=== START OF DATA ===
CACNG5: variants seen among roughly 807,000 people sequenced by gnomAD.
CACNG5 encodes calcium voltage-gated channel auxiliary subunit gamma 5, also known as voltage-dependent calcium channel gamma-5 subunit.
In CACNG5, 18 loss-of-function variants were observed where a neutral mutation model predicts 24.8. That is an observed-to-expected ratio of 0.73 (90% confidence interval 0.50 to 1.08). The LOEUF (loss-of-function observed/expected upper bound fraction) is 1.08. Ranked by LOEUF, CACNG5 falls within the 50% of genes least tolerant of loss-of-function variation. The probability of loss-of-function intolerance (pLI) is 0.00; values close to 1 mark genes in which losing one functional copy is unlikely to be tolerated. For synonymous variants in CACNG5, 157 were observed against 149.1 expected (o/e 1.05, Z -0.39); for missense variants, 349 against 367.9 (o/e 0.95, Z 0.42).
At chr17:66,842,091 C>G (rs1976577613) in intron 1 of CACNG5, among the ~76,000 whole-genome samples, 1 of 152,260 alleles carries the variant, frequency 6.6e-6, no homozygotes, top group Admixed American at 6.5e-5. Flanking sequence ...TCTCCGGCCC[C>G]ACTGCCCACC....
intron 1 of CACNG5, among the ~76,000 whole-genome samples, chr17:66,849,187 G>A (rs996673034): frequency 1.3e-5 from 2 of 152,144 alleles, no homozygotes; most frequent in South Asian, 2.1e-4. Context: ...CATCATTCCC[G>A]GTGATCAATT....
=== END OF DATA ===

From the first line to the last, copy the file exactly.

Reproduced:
CACNG5: variants seen among roughly 807,000 people sequenced by gnomAD.
CACNG5 encodes calcium voltage-gated channel auxiliary subunit gamma 5, also known as voltage-dependent calcium channel gamma-5 subunit.
In CACNG5, 18 loss-of-function variants were observed where a neutral mutation model predicts 24.8. That is an observed-to-expected ratio of 0.73 (90% confidence interval 0.50 to 1.08). The LOEUF (loss-of-function observed/expected upper bound fraction) is 1.08. Ranked by LOEUF, CACNG5 falls within the 50% of genes least tolerant of loss-of-function variation. The probability of loss-of-function intolerance (pLI) is 0.00; values close to 1 mark genes in which losing one functional copy is unlikely to be tolerated. For synonymous variants in CACNG5, 157 were observed against 149.1 expected (o/e 1.05, Z -0.39); for missense variants, 349 against 367.9 (o/e 0.95, Z 0.42).
At chr17:66,842,091 C>G (rs1976577613) in intron 1 of CACNG5, among the ~76,000 whole-genome samples, 1 of 152,260 alleles carries the variant, frequency 6.6e-6, no homozygotes, top group Admixed American at 6.5e-5. Flanking sequence ...TCTCCGGCCC[C>G]ACTGCCCACC....
intron 1 of CACNG5, among the ~76,000 whole-genome samples, chr17:66,849,187 G>A (rs996673034): frequency 1.3e-5 from 2 of 152,144 alleles, no homozygotes; most frequent in South Asian, 2.1e-4. Context: ...CATCATTCCC[G>A]GTGATCAATT....